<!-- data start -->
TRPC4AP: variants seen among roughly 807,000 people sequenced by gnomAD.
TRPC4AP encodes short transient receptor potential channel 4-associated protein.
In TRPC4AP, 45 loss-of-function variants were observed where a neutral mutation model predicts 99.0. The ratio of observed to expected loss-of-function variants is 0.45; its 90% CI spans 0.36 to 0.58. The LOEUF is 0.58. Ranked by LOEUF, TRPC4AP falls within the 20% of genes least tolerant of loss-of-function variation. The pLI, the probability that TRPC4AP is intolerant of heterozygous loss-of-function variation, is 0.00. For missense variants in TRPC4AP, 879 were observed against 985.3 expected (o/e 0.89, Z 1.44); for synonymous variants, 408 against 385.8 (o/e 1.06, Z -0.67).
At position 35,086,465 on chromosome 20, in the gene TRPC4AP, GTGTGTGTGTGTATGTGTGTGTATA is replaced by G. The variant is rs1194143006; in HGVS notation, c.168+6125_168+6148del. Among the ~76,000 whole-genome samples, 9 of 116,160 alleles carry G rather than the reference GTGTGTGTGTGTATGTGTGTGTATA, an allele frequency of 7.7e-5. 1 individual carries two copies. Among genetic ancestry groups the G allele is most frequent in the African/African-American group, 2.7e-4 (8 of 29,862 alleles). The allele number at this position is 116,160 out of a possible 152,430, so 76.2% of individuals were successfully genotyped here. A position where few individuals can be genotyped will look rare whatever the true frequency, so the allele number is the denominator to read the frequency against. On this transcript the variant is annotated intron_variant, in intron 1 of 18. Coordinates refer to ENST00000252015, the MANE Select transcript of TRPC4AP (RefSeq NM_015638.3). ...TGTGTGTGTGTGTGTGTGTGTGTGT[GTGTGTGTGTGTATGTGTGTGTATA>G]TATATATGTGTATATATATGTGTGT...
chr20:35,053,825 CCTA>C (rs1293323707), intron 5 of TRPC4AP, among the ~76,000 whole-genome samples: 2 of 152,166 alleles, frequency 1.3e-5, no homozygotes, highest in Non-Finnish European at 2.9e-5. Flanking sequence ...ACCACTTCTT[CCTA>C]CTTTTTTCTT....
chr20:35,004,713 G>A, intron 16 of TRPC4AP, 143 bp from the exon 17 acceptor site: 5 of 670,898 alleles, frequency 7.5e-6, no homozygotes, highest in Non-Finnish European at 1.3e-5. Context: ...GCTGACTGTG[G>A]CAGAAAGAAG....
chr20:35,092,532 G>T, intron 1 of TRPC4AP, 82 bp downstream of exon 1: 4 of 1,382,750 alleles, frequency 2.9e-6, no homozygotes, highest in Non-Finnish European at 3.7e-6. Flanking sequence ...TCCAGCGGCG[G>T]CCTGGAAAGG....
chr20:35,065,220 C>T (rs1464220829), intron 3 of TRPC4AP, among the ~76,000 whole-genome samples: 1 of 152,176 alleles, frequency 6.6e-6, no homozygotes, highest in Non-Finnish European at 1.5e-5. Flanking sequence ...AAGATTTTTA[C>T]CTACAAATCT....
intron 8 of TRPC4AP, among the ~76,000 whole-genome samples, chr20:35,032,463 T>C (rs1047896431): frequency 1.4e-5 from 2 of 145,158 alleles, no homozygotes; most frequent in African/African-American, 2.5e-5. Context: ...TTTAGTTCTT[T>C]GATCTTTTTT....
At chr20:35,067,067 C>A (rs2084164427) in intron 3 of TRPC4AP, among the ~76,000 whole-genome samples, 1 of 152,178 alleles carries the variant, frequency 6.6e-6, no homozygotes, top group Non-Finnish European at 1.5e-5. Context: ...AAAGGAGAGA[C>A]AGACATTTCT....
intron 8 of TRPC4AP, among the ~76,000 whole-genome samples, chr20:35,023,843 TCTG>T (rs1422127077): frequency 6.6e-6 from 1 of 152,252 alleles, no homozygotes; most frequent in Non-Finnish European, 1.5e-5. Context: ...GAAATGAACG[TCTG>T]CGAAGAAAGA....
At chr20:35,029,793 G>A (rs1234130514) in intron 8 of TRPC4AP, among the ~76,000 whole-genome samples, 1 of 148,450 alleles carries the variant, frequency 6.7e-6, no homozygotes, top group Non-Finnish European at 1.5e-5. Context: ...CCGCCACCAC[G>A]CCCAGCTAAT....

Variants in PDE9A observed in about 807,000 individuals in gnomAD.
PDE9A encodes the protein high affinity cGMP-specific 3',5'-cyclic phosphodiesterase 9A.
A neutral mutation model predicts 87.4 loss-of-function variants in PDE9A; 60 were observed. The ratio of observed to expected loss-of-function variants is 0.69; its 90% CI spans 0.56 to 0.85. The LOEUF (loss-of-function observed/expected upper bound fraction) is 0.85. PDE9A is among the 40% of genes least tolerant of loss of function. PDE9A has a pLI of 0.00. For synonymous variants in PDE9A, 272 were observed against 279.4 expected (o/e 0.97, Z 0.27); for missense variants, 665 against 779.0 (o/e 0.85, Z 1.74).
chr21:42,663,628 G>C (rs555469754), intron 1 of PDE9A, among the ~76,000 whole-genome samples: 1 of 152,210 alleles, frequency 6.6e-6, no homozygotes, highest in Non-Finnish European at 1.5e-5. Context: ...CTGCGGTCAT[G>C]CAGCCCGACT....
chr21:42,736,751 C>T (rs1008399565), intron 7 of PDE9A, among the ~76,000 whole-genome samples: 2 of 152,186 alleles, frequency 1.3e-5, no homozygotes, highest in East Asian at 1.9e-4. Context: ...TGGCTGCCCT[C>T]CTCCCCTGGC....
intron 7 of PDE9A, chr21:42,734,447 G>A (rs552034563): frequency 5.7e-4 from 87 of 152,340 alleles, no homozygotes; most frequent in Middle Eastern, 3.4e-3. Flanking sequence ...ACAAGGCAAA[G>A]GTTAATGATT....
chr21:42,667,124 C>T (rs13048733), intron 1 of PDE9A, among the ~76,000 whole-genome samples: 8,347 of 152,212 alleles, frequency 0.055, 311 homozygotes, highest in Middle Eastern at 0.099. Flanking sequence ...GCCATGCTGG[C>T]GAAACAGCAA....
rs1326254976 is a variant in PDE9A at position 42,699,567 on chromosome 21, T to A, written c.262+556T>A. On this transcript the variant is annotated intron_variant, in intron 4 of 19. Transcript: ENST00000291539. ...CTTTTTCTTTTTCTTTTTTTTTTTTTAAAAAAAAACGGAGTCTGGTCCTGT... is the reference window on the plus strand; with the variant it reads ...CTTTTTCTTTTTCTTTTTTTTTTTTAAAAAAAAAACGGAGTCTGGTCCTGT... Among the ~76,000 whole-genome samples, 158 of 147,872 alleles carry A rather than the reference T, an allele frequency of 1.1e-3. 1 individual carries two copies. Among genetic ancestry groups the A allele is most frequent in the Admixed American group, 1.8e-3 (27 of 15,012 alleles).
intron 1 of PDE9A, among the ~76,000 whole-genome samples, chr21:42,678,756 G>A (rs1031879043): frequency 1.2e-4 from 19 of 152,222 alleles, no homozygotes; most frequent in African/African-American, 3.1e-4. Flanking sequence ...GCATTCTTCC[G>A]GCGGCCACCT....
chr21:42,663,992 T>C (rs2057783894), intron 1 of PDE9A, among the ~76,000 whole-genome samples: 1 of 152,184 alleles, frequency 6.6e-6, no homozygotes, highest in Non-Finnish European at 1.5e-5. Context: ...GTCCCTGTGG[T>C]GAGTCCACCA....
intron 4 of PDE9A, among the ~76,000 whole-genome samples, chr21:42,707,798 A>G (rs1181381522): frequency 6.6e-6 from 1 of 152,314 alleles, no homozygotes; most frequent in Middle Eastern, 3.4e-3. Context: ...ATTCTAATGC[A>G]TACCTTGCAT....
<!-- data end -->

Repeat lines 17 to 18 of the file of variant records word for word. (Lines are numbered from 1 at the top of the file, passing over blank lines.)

chr21:42,736,751 C>T (rs1008399565), intron 7 of PDE9A, among the ~76,000 whole-genome samples: 2 of 152,186 alleles, frequency 1.3e-5, no homozygotes, highest in East Asian at 1.9e-4. Context: ...TGGCTGCCCT[C>T]CTCCCCTGGC....
intron 7 of PDE9A, chr21:42,734,447 G>A (rs552034563): frequency 5.7e-4 from 87 of 152,340 alleles, no homozygotes; most frequent in Middle Eastern, 3.4e-3. Flanking sequence ...ACAAGGCAAA[G>A]GTTAATGATT....